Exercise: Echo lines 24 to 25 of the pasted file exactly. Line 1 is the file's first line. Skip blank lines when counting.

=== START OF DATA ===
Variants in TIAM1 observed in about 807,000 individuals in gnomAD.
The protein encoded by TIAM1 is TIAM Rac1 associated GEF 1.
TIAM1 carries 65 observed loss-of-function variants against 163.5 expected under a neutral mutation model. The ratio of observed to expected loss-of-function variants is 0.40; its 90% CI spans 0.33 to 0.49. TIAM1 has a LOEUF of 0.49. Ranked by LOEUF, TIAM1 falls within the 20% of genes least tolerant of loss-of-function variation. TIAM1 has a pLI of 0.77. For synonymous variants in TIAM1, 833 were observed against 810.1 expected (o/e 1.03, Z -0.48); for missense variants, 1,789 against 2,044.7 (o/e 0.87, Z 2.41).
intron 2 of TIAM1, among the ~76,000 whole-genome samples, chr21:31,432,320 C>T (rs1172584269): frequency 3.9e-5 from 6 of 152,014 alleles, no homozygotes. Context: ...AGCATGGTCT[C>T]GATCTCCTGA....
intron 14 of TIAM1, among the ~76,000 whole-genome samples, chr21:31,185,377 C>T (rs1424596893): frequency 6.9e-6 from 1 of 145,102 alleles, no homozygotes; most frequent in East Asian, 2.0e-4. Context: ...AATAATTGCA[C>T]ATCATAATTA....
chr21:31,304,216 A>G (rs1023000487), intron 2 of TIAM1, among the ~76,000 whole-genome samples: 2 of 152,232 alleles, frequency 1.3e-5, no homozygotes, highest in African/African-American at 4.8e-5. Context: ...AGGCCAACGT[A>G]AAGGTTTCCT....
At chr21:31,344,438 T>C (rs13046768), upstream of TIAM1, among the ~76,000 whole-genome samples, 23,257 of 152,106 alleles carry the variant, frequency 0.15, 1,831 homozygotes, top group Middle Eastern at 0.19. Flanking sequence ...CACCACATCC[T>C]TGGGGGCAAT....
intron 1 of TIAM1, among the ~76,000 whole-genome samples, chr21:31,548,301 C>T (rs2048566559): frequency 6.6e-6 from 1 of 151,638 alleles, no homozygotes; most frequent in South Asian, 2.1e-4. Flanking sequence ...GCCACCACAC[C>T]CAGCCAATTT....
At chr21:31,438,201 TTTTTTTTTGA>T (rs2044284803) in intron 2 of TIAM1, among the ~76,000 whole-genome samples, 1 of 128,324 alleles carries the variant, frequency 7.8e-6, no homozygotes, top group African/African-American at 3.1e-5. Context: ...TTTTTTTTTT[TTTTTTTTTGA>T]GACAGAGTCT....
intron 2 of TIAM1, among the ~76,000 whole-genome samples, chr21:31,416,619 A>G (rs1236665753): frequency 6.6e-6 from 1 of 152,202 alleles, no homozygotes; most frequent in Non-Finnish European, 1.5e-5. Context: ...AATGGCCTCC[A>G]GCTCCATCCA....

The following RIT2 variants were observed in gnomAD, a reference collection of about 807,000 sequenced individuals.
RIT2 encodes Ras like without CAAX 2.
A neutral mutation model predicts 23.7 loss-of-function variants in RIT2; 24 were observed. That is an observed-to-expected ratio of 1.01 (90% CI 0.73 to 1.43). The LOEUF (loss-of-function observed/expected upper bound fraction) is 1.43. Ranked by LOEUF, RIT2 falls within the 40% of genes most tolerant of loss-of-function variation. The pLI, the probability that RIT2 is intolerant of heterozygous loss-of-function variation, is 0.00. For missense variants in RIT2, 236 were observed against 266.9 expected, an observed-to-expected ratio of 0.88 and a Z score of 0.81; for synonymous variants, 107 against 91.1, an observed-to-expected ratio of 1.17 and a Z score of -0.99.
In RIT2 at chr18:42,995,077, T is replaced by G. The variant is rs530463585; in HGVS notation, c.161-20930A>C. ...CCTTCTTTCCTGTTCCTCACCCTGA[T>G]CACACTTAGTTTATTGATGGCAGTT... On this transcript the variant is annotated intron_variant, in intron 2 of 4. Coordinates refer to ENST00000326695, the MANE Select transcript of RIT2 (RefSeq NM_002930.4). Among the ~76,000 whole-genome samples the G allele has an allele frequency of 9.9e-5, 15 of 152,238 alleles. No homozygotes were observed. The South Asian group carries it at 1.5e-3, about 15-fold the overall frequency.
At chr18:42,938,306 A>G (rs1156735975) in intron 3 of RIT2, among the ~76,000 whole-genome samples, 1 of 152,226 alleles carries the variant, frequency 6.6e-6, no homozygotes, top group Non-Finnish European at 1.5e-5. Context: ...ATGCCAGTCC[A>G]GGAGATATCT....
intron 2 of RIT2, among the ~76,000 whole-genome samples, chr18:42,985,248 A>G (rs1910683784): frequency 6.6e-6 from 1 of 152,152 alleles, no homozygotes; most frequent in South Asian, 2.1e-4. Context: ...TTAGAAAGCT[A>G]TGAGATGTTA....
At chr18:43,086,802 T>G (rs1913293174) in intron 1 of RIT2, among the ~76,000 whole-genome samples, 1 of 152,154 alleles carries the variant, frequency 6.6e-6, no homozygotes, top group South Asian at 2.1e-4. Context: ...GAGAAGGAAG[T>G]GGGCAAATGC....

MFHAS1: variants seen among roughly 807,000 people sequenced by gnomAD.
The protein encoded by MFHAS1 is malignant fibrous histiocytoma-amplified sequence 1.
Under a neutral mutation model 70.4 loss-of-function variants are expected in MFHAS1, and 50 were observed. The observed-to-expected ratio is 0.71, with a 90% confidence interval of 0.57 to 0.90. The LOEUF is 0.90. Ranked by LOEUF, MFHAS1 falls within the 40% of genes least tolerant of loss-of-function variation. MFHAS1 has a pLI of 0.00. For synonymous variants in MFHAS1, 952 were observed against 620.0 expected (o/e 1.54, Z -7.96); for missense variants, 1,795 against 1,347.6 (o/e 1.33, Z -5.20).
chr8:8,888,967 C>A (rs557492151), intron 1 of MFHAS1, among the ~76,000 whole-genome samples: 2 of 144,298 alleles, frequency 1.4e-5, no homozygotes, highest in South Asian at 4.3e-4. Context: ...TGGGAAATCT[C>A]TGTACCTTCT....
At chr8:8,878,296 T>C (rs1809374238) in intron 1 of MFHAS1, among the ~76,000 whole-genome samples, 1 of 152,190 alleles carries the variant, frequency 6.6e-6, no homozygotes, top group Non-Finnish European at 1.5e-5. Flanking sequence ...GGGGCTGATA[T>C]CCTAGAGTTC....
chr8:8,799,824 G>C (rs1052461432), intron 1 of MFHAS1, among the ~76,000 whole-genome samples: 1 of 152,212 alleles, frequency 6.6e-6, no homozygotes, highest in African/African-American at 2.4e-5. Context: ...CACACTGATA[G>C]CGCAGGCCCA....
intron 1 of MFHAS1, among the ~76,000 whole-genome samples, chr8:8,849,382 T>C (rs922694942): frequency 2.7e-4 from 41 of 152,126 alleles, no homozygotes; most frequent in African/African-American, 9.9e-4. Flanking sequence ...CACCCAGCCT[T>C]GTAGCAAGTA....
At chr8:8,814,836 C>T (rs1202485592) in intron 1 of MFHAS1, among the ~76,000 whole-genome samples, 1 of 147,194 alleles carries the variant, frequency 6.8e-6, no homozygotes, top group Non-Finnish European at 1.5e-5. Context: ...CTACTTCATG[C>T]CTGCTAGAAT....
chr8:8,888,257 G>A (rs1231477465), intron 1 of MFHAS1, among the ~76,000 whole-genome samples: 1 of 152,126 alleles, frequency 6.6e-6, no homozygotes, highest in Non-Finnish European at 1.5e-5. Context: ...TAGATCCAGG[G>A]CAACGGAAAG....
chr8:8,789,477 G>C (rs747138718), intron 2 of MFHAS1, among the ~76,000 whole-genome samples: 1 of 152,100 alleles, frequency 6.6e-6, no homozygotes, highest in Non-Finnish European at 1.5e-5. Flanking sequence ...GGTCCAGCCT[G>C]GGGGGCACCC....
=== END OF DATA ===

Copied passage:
intron 1 of MFHAS1, among the ~76,000 whole-genome samples, chr8:8,849,382 T>C (rs922694942): frequency 2.7e-4 from 41 of 152,126 alleles, no homozygotes; most frequent in African/African-American, 9.9e-4. Flanking sequence ...CACCCAGCCT[T>C]GTAGCAAGTA....
At chr8:8,814,836 C>T (rs1202485592) in intron 1 of MFHAS1, among the ~76,000 whole-genome samples, 1 of 147,194 alleles carries the variant, frequency 6.8e-6, no homozygotes, top group Non-Finnish European at 1.5e-5. Context: ...CTACTTCATG[C>T]CTGCTAGAAT....